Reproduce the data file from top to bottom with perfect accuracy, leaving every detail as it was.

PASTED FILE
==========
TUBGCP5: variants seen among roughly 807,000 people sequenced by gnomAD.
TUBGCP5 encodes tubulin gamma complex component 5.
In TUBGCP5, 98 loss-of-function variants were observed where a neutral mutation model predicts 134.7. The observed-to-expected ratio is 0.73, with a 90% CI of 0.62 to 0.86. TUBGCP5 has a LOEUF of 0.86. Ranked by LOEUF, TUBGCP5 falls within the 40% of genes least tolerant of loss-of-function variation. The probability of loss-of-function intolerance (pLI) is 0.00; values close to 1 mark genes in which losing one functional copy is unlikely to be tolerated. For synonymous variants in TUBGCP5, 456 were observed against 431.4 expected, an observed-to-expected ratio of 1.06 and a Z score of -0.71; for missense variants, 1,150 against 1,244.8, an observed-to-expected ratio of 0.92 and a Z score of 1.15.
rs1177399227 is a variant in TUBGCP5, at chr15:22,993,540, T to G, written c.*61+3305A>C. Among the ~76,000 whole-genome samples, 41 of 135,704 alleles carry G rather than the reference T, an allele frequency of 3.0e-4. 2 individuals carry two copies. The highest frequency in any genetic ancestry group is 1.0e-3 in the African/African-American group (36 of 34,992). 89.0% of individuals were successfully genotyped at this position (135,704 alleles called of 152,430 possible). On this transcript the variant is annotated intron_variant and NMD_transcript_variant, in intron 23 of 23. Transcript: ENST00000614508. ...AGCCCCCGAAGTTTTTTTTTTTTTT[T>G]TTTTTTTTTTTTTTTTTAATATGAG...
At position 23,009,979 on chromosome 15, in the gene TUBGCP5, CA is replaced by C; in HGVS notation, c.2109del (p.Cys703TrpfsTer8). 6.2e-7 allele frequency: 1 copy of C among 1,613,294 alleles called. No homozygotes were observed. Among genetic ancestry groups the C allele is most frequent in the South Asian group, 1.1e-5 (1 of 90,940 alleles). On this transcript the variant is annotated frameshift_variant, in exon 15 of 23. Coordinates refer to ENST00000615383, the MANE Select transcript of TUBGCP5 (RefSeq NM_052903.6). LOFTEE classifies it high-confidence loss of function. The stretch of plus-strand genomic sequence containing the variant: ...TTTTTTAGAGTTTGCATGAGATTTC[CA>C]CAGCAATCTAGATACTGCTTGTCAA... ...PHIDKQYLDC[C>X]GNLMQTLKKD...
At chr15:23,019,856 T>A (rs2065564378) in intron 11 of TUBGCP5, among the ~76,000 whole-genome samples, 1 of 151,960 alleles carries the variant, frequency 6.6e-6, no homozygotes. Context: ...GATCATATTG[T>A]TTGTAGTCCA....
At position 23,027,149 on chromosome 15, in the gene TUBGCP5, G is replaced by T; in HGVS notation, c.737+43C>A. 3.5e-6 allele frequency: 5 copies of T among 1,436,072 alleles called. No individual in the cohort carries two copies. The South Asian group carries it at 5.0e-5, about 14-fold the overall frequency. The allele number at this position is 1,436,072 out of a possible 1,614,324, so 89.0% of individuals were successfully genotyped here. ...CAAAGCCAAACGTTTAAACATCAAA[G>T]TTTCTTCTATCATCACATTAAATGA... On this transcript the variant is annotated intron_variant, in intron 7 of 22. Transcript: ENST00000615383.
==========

TUBGCP5: variants seen among roughly 807,000 people sequenced by gnomAD.
TUBGCP5 encodes tubulin gamma complex component 5.
In TUBGCP5, 98 loss-of-function variants were observed where a neutral mutation model predicts 134.7. The observed-to-expected ratio is 0.73, with a 90% CI of 0.62 to 0.86. TUBGCP5 has a LOEUF of 0.86. Ranked by LOEUF, TUBGCP5 falls within the 40% of genes least tolerant of loss-of-function variation. The probability of loss-of-function intolerance (pLI) is 0.00; values close to 1 mark genes in which losing one functional copy is unlikely to be tolerated. For synonymous variants in TUBGCP5, 456 were observed against 431.4 expected, an observed-to-expected ratio of 1.06 and a Z score of -0.71; for missense variants, 1,150 against 1,244.8, an observed-to-expected ratio of 0.92 and a Z score of 1.15.
rs1177399227 is a variant in TUBGCP5, at chr15:22,993,540, T to G, written c.*61+3305A>C. Among the ~76,000 whole-genome samples, 41 of 135,704 alleles carry G rather than the reference T, an allele frequency of 3.0e-4. 2 individuals carry two copies. The highest frequency in any genetic ancestry group is 1.0e-3 in the African/African-American group (36 of 34,992). 89.0% of individuals were successfully genotyped at this position (135,704 alleles called of 152,430 possible). On this transcript the variant is annotated intron_variant and NMD_transcript_variant, in intron 23 of 23. Transcript: ENST00000614508. ...AGCCCCCGAAGTTTTTTTTTTTTTT[T>G]TTTTTTTTTTTTTTTTTAATATGAG...
At position 23,009,979 on chromosome 15, in the gene TUBGCP5, CA is replaced by C; in HGVS notation, c.2109del (p.Cys703TrpfsTer8). 6.2e-7 allele frequency: 1 copy of C among 1,613,294 alleles called. No homozygotes were observed. Among genetic ancestry groups the C allele is most frequent in the South Asian group, 1.1e-5 (1 of 90,940 alleles). On this transcript the variant is annotated frameshift_variant, in exon 15 of 23. Coordinates refer to ENST00000615383, the MANE Select transcript of TUBGCP5 (RefSeq NM_052903.6). LOFTEE classifies it high-confidence loss of function. The stretch of plus-strand genomic sequence containing the variant: ...TTTTTTAGAGTTTGCATGAGATTTC[CA>C]CAGCAATCTAGATACTGCTTGTCAA... ...PHIDKQYLDC[C>X]GNLMQTLKKD...
At chr15:23,019,856 T>A (rs2065564378) in intron 11 of TUBGCP5, among the ~76,000 whole-genome samples, 1 of 151,960 alleles carries the variant, frequency 6.6e-6, no homozygotes. Context: ...GATCATATTG[T>A]TTGTAGTCCA....
At position 23,027,149 on chromosome 15, in the gene TUBGCP5, G is replaced by T; in HGVS notation, c.737+43C>A. 3.5e-6 allele frequency: 5 copies of T among 1,436,072 alleles called. No individual in the cohort carries two copies. The South Asian group carries it at 5.0e-5, about 14-fold the overall frequency. The allele number at this position is 1,436,072 out of a possible 1,614,324, so 89.0% of individuals were successfully genotyped here. ...CAAAGCCAAACGTTTAAACATCAAA[G>T]TTTCTTCTATCATCACATTAAATGA... On this transcript the variant is annotated intron_variant, in intron 7 of 22. Transcript: ENST00000615383.